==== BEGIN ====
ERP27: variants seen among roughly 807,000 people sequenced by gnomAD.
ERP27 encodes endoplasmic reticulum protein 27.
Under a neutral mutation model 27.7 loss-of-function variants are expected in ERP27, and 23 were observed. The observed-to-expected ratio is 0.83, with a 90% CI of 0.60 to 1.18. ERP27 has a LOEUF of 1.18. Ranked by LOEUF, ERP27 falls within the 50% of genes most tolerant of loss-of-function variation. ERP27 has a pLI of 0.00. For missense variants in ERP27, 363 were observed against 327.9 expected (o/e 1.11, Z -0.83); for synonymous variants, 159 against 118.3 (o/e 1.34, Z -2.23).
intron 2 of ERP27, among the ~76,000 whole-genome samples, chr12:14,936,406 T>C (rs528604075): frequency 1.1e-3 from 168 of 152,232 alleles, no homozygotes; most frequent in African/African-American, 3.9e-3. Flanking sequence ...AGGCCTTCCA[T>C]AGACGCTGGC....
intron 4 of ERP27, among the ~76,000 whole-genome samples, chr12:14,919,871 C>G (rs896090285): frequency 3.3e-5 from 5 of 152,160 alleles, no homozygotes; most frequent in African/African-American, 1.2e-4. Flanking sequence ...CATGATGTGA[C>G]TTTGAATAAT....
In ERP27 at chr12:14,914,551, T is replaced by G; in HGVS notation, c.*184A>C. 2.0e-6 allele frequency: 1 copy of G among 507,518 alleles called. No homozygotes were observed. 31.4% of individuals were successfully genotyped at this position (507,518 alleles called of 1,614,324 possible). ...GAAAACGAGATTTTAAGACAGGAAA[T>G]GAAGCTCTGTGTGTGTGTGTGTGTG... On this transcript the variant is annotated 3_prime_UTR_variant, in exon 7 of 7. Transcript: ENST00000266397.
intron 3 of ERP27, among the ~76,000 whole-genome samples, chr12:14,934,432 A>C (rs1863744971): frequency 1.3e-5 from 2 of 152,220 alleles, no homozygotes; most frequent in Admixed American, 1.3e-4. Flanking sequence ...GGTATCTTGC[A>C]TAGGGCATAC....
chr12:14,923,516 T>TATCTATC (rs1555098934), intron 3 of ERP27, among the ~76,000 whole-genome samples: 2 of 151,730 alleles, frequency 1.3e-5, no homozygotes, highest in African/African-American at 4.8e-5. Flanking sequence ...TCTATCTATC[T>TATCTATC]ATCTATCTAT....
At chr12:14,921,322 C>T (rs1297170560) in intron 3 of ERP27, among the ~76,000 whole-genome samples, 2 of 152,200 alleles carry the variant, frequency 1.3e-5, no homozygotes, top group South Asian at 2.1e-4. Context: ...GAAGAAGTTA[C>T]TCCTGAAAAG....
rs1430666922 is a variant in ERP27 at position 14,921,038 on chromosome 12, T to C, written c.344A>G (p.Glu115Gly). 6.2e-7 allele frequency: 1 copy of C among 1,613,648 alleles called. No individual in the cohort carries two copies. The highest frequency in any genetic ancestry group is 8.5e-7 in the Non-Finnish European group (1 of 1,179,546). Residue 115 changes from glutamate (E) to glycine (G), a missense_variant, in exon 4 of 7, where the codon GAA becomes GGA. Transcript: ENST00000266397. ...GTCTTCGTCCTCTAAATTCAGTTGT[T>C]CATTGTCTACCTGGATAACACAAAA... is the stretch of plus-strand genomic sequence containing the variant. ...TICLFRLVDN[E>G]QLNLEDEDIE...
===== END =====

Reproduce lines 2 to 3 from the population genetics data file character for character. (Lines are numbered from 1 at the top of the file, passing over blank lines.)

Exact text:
ERP27 encodes endoplasmic reticulum protein 27.
Under a neutral mutation model 27.7 loss-of-function variants are expected in ERP27, and 23 were observed. The observed-to-expected ratio is 0.83, with a 90% CI of 0.60 to 1.18. ERP27 has a LOEUF of 1.18. Ranked by LOEUF, ERP27 falls within the 50% of genes most tolerant of loss-of-function variation. ERP27 has a pLI of 0.00. For missense variants in ERP27, 363 were observed against 327.9 expected (o/e 1.11, Z -0.83); for synonymous variants, 159 against 118.3 (o/e 1.34, Z -2.23).